I started looking into Vieira/Torrent splits and found some interesting things. Some offer obvious conclusions, but others not so much.
All NYCFC defensive actions this season under Patrick Vieira versus Dome Torrent. pic.twitter.com/KfKHc9MCth
— Dummy Run (@thedummyrun) October 6, 2018
Click on the images in that tweet and you will see that NYCFChas been much more active on defense under Torrent. His graph does not seem to offer a H/A split, but I think it is likely most of this activity is in Away games.
At home, every number has moved in the wrong direction. Home goals per game and xGoals per game are both down (though the latter by an insignificant amount). Also at home, opponent Goals and xGoals have gone up.
Away, however, NYC goals are down but xGoals are up by a meaningful amount. Opponents goals also are down, while their xGoals are way, way lower.
Under Vieira in 2018, NYCFC gave up an average of 1.7625 xGoals per game Away, and that is down to 1.2975 under Dome. Under Vieira, road opponents never accumulated fewer that 1.4 xG per game in 8 games. Under Torrent, they only exceeded 1.4 xG twice in 8 games.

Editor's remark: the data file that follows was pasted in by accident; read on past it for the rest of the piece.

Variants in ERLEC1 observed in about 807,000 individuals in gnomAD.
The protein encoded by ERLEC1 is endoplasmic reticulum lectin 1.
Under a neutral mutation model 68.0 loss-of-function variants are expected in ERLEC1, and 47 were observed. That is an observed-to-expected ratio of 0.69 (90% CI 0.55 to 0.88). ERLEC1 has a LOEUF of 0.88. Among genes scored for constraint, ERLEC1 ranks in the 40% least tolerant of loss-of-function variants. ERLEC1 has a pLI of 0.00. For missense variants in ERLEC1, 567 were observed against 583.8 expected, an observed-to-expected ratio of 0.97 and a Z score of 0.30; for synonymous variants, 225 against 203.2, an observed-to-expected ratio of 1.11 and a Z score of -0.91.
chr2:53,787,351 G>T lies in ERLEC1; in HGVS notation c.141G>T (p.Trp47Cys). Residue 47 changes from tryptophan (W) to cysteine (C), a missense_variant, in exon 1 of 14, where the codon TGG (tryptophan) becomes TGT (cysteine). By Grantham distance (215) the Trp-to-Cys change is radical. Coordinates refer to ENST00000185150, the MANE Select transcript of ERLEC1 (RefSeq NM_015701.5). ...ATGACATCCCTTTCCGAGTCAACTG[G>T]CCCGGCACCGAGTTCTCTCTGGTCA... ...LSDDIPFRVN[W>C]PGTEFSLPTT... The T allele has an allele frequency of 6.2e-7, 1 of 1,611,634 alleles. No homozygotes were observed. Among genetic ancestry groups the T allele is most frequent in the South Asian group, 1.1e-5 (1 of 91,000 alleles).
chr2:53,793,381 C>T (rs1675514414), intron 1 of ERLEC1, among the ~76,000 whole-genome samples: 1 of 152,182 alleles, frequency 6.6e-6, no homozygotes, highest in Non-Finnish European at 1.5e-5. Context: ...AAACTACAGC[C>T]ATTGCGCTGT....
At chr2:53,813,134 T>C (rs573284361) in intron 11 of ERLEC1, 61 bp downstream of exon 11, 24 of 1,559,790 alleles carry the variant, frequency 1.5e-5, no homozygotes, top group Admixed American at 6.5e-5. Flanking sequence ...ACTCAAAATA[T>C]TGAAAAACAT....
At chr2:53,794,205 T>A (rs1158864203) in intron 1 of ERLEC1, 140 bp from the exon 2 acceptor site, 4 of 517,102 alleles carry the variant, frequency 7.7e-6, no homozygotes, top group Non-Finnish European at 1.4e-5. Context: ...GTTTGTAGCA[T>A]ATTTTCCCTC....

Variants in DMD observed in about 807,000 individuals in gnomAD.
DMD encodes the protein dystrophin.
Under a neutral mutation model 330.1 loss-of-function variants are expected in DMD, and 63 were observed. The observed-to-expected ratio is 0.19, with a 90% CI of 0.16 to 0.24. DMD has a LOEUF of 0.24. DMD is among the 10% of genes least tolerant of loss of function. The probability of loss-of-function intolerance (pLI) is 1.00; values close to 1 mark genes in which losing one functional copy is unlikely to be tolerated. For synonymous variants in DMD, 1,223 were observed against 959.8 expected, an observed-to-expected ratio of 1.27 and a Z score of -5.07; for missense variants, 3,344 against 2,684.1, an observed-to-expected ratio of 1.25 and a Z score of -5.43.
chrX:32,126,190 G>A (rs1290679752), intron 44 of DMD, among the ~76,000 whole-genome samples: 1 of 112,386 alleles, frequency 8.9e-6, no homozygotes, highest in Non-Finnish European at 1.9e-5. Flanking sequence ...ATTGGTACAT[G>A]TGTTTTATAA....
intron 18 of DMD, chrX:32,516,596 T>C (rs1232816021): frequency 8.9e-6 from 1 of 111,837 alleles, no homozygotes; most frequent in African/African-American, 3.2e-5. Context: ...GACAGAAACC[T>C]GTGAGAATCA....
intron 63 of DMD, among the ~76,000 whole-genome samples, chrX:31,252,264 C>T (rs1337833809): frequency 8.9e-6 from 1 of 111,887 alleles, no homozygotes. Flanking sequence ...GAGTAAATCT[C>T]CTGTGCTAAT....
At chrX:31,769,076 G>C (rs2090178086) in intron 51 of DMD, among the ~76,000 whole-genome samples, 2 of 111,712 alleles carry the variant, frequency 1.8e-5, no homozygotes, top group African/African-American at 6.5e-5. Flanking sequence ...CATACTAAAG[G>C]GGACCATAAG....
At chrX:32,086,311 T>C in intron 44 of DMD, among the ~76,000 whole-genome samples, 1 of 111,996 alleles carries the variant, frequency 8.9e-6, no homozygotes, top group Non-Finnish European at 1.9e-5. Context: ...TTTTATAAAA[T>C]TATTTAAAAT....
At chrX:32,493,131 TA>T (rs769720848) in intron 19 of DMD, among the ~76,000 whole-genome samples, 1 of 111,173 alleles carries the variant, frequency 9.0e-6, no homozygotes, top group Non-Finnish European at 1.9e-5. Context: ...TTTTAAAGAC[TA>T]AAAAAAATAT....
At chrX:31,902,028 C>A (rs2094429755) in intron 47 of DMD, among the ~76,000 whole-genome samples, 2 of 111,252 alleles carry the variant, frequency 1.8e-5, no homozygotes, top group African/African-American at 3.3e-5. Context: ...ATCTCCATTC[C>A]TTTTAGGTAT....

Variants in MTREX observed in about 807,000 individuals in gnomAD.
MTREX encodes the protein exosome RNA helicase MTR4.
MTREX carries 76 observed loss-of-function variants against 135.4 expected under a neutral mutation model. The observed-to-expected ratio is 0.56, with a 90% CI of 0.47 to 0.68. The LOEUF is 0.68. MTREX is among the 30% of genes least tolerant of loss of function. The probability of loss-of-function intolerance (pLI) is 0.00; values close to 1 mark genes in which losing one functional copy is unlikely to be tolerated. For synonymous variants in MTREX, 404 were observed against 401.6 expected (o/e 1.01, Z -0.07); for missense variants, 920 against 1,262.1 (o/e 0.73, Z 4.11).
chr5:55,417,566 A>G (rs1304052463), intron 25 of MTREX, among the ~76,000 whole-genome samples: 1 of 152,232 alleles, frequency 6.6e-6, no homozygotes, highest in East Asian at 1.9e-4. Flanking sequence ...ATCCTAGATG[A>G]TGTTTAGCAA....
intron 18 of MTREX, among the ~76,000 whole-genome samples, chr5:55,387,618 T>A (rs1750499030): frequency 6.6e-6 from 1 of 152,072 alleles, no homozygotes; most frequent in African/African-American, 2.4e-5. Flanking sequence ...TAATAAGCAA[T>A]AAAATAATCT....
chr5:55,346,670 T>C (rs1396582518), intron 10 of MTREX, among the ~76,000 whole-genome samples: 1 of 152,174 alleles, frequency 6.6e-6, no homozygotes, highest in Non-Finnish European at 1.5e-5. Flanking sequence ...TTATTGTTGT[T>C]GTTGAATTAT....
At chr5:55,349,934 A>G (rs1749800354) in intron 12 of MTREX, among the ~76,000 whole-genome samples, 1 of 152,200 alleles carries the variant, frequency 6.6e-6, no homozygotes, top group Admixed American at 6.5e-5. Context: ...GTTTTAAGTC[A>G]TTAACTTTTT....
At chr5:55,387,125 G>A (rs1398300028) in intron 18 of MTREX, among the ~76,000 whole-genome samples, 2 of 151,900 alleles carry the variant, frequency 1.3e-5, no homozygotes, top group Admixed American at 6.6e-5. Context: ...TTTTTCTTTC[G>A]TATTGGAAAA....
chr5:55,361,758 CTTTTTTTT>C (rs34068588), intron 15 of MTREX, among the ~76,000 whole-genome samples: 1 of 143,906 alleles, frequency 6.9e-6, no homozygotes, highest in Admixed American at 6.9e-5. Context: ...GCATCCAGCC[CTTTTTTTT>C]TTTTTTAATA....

This chart also shows that in all 4 areas: Home goals for and against, and Away goals for and against, the actual goal change has been worse for Dome than the xGoal change.
I do believe that the improvements in Away xGFor and xGAgainst are big enough that it shows real improvement, especially because Torrent has discussed his emphasis on improving road form. NYCFC’s xG differential has improved by 0.801 per game on the road. I tend to give people credit when they say “my goal is to improve X” and then X improves.
Next I focused on how NYCFC has performed relative to xGoals under Vieira and Torrent. The results are not surprising given the table above, and everything we have seen and discussed the last 2 months.
First 2 lines show the difference between actual goals per game and xGoals per game. In every instance + means the team did better than expected and – means the team did worse than expected. This is where the big dispute comes in regarding whether you think performance relative to Expected Goals is mostly luck, or not. Because again in all 4 categories the team was “luckier” under Vieira than for Torrent, and for NYCFC’s Home goals scored, the difference is massive. Can bad luck be this consistent? I honestly don’t know. Logic cuts both ways. On one hand it seems unlikely that luck would point the same way in all contexts and subdivisions, unless there was a reason outside of luck. On the other hand, there is no reason why the non-lucky explanations should correspond with each other. For example, you might explain the poor results relative to xG scored as being due to a less aggressive, vertical offense in transition. But just because that is true does not suggest a substantive reason for why the club should also underperform on defense. Whether you think it is luck, or there are substantive explanations, you might expect them to be independent.